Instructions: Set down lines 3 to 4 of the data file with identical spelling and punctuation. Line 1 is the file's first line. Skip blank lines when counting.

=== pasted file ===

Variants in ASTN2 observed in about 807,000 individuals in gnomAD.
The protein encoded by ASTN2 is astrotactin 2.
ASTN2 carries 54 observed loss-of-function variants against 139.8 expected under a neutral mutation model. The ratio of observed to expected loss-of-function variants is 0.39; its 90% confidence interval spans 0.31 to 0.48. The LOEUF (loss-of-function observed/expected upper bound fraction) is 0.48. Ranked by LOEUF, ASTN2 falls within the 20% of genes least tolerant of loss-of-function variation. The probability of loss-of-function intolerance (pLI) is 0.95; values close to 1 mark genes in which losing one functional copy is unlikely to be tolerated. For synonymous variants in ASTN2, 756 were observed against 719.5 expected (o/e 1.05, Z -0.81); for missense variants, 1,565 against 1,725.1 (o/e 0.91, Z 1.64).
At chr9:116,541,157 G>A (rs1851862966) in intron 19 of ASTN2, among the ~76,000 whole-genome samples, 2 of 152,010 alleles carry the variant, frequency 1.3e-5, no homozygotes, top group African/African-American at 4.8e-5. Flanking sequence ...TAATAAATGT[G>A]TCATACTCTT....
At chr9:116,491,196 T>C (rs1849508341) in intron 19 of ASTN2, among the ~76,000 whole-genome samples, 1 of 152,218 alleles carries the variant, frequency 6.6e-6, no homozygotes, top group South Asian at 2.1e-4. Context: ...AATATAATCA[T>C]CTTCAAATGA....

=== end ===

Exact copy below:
ASTN2 carries 54 observed loss-of-function variants against 139.8 expected under a neutral mutation model. The ratio of observed to expected loss-of-function variants is 0.39; its 90% confidence interval spans 0.31 to 0.48. The LOEUF (loss-of-function observed/expected upper bound fraction) is 0.48. Ranked by LOEUF, ASTN2 falls within the 20% of genes least tolerant of loss-of-function variation. The probability of loss-of-function intolerance (pLI) is 0.95; values close to 1 mark genes in which losing one functional copy is unlikely to be tolerated. For synonymous variants in ASTN2, 756 were observed against 719.5 expected (o/e 1.05, Z -0.81); for missense variants, 1,565 against 1,725.1 (o/e 0.91, Z 1.64).
At chr9:116,541,157 G>A (rs1851862966) in intron 19 of ASTN2, among the ~76,000 whole-genome samples, 2 of 152,010 alleles carry the variant, frequency 1.3e-5, no homozygotes, top group African/African-American at 4.8e-5. Flanking sequence ...TAATAAATGT[G>A]TCATACTCTT....